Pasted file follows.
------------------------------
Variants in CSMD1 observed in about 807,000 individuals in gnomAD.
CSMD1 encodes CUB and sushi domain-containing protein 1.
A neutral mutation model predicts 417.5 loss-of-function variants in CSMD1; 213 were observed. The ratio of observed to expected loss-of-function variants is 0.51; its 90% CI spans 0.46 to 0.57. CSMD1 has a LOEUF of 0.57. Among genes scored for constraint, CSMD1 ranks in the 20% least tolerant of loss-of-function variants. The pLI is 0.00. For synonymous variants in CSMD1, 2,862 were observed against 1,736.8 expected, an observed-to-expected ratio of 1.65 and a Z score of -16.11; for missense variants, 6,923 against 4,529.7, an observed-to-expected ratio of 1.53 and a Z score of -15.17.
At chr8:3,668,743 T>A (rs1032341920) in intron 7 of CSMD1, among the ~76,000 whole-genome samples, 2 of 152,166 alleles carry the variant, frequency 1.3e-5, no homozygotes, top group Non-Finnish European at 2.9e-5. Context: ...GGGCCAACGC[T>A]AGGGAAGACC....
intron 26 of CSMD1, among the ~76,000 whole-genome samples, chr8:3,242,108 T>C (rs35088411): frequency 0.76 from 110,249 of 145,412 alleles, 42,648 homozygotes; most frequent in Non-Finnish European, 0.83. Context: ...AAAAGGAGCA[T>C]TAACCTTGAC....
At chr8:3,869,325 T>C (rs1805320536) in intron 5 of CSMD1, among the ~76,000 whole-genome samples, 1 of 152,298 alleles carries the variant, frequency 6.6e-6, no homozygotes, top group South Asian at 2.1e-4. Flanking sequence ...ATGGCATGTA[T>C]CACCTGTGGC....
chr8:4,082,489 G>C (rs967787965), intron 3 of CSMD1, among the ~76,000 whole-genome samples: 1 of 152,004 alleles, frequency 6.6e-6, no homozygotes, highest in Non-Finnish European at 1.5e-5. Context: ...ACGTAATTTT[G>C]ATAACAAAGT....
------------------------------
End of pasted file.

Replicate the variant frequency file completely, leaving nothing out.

Variants in CSMD1 observed in about 807,000 individuals in gnomAD.
CSMD1 encodes CUB and sushi domain-containing protein 1.
A neutral mutation model predicts 417.5 loss-of-function variants in CSMD1; 213 were observed. The ratio of observed to expected loss-of-function variants is 0.51; its 90% CI spans 0.46 to 0.57. CSMD1 has a LOEUF of 0.57. Among genes scored for constraint, CSMD1 ranks in the 20% least tolerant of loss-of-function variants. The pLI is 0.00. For synonymous variants in CSMD1, 2,862 were observed against 1,736.8 expected, an observed-to-expected ratio of 1.65 and a Z score of -16.11; for missense variants, 6,923 against 4,529.7, an observed-to-expected ratio of 1.53 and a Z score of -15.17.
At chr8:3,668,743 T>A (rs1032341920) in intron 7 of CSMD1, among the ~76,000 whole-genome samples, 2 of 152,166 alleles carry the variant, frequency 1.3e-5, no homozygotes, top group Non-Finnish European at 2.9e-5. Context: ...GGGCCAACGC[T>A]AGGGAAGACC....
intron 26 of CSMD1, among the ~76,000 whole-genome samples, chr8:3,242,108 T>C (rs35088411): frequency 0.76 from 110,249 of 145,412 alleles, 42,648 homozygotes; most frequent in Non-Finnish European, 0.83. Context: ...AAAAGGAGCA[T>C]TAACCTTGAC....
At chr8:3,869,325 T>C (rs1805320536) in intron 5 of CSMD1, among the ~76,000 whole-genome samples, 1 of 152,298 alleles carries the variant, frequency 6.6e-6, no homozygotes, top group South Asian at 2.1e-4. Flanking sequence ...ATGGCATGTA[T>C]CACCTGTGGC....
chr8:4,082,489 G>C (rs967787965), intron 3 of CSMD1, among the ~76,000 whole-genome samples: 1 of 152,004 alleles, frequency 6.6e-6, no homozygotes, highest in Non-Finnish European at 1.5e-5. Context: ...ACGTAATTTT[G>C]ATAACAAAGT....